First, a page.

Sunburn Safety: Innovating Ways to Protect from UV Rays

By Steve Brachmann
July 20, 2013

The summer months are a great time to enjoy a wide array of outdoor activities, like swimming, running or different types of team sports. However, even just a few hours outside with unprotected skin can create a sunburn that’s not just uncomfortable but possibly damaging.

A person with fair skin can develop a sunburn in 30 minutes, even when the ultraviolet (UV) index is at low levels. However, many don’t protect themselves like they should with clothing and sunblock lotion. In fact, a study conducted by Macmillan Cancer Support found that 40 percent of those in Britain that sunbathe for a tan purposefully continue until they’ve gotten a sunburn, even when many know that this increases their risk of contracting skin cancer.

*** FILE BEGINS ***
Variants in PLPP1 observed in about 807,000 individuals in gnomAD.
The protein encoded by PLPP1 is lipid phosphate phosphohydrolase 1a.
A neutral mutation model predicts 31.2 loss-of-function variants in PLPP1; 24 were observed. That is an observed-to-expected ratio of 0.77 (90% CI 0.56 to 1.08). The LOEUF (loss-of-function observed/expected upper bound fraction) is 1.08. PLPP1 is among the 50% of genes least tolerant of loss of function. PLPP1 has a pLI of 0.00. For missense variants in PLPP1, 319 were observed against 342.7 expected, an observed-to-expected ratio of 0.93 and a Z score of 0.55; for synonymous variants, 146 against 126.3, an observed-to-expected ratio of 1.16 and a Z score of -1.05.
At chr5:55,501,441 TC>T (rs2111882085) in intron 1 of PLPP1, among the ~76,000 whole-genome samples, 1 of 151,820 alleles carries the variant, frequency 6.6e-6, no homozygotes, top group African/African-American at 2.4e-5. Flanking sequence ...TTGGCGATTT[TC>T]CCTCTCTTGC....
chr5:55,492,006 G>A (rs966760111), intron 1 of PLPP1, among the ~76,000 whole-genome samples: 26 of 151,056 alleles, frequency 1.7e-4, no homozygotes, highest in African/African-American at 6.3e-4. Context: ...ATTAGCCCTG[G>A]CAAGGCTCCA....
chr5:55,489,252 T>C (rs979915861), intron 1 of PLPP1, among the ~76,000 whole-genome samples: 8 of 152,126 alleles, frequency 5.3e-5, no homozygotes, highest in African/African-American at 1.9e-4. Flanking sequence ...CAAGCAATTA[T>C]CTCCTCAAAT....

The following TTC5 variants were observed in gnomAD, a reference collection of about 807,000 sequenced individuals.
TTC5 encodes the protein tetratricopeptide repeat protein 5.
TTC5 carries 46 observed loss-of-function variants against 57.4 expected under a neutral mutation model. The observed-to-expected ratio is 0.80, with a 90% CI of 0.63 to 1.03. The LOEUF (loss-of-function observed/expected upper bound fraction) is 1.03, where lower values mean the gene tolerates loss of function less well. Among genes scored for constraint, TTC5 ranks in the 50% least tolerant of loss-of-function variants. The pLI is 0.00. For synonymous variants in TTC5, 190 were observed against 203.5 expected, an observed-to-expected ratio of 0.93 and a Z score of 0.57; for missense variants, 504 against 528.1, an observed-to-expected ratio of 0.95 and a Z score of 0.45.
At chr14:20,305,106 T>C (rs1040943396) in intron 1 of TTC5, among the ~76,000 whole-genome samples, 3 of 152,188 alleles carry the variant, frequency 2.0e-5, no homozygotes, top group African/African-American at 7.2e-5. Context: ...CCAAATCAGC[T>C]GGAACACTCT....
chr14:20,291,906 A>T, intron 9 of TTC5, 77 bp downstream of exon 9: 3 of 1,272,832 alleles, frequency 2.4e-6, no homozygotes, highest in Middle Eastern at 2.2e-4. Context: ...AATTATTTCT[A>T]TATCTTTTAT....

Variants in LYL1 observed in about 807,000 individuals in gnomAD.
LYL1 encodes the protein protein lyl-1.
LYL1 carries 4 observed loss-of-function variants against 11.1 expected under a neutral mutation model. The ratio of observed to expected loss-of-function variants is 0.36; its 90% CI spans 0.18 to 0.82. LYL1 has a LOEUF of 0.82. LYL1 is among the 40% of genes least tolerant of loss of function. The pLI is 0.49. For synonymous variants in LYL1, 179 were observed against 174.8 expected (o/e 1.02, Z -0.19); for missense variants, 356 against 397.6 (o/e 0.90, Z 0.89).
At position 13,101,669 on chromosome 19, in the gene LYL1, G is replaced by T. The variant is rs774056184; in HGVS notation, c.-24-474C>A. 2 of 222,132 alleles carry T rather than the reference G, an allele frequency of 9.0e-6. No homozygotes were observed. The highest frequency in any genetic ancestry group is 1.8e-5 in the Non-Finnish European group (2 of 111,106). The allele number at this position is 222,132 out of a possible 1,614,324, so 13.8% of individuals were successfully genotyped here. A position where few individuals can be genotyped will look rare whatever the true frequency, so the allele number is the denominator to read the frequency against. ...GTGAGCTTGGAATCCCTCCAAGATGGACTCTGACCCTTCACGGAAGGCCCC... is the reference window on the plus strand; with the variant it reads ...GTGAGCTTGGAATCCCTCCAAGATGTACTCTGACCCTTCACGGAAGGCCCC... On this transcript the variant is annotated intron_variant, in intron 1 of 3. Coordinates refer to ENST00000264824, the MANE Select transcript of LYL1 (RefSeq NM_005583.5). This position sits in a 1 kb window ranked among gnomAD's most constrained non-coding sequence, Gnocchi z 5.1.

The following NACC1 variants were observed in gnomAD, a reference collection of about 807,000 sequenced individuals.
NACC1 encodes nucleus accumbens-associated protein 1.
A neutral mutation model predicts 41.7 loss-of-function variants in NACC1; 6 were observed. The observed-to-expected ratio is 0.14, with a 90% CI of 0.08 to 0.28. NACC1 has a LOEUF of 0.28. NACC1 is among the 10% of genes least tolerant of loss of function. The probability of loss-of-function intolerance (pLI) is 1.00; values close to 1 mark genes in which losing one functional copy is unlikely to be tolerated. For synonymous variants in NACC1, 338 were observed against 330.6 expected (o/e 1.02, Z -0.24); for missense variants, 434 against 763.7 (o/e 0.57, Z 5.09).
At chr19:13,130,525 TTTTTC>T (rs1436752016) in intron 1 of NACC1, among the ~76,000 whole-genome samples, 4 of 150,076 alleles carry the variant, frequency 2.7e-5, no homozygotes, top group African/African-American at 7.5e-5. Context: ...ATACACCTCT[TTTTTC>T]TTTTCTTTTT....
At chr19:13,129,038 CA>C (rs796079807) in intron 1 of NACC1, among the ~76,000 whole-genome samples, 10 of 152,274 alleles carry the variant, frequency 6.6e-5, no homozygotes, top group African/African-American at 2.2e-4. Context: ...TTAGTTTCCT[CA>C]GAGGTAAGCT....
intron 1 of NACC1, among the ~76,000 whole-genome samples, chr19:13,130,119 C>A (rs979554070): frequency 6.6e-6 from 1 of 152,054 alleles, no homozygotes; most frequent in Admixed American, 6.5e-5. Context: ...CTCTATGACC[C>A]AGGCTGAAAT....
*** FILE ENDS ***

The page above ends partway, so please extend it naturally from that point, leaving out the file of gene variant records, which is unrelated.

Today in IPWatchdog’s Summer Fun series, we’re looking at a series of patent applications and issued patents protecting systems of improving protections from UV radiation. A number of these documents regard new systems of determining unsafe levels of radiation. One patent application has been filed to protect an apparatus that detects the level of sunburn developing on a person’s skin. Another application protects a reactive dye that changes color to indicate UV radiation levels. An issued patent protects a test strip kit that can also indicate unsafe UV levels prior to going outside.